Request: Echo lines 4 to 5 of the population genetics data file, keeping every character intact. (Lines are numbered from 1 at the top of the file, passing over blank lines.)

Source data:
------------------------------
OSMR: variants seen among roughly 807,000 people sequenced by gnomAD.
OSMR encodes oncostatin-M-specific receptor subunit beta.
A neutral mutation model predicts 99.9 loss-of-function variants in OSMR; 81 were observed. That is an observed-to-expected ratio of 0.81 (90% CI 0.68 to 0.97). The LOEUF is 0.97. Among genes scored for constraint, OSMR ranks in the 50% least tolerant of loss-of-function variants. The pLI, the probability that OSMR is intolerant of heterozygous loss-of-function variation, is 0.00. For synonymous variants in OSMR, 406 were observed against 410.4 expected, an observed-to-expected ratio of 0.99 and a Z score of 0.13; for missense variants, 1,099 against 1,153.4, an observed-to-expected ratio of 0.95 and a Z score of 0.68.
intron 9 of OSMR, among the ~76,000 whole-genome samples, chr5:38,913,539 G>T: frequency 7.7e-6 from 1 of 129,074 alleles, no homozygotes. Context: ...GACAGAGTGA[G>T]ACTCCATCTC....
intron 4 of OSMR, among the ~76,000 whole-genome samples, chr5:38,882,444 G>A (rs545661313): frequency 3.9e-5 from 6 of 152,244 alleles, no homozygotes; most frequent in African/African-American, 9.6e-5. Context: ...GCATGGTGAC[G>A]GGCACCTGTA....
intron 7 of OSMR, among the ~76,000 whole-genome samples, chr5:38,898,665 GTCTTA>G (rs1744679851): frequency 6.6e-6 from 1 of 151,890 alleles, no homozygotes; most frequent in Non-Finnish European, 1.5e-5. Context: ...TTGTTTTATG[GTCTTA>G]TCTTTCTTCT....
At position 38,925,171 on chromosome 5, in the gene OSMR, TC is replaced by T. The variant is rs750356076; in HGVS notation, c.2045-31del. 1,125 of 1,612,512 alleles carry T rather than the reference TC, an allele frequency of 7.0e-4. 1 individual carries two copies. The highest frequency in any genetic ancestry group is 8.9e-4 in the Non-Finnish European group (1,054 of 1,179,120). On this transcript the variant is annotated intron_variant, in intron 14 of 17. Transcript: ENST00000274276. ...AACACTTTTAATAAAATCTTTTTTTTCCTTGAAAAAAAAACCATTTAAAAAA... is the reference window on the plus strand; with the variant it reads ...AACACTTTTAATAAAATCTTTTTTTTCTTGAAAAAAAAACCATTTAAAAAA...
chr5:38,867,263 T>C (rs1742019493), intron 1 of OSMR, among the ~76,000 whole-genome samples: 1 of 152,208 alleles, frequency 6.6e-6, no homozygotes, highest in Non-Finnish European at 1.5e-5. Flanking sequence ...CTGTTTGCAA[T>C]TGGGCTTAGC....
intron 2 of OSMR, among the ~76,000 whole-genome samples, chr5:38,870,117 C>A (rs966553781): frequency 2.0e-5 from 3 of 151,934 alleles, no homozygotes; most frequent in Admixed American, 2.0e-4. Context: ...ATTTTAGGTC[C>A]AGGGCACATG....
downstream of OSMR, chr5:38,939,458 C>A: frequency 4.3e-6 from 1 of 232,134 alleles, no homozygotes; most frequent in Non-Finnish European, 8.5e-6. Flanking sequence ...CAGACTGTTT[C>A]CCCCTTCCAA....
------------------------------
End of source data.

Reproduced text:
intron 9 of OSMR, among the ~76,000 whole-genome samples, chr5:38,913,539 G>T: frequency 7.7e-6 from 1 of 129,074 alleles, no homozygotes. Context: ...GACAGAGTGA[G>T]ACTCCATCTC....
intron 4 of OSMR, among the ~76,000 whole-genome samples, chr5:38,882,444 G>A (rs545661313): frequency 3.9e-5 from 6 of 152,244 alleles, no homozygotes; most frequent in African/African-American, 9.6e-5. Context: ...GCATGGTGAC[G>A]GGCACCTGTA....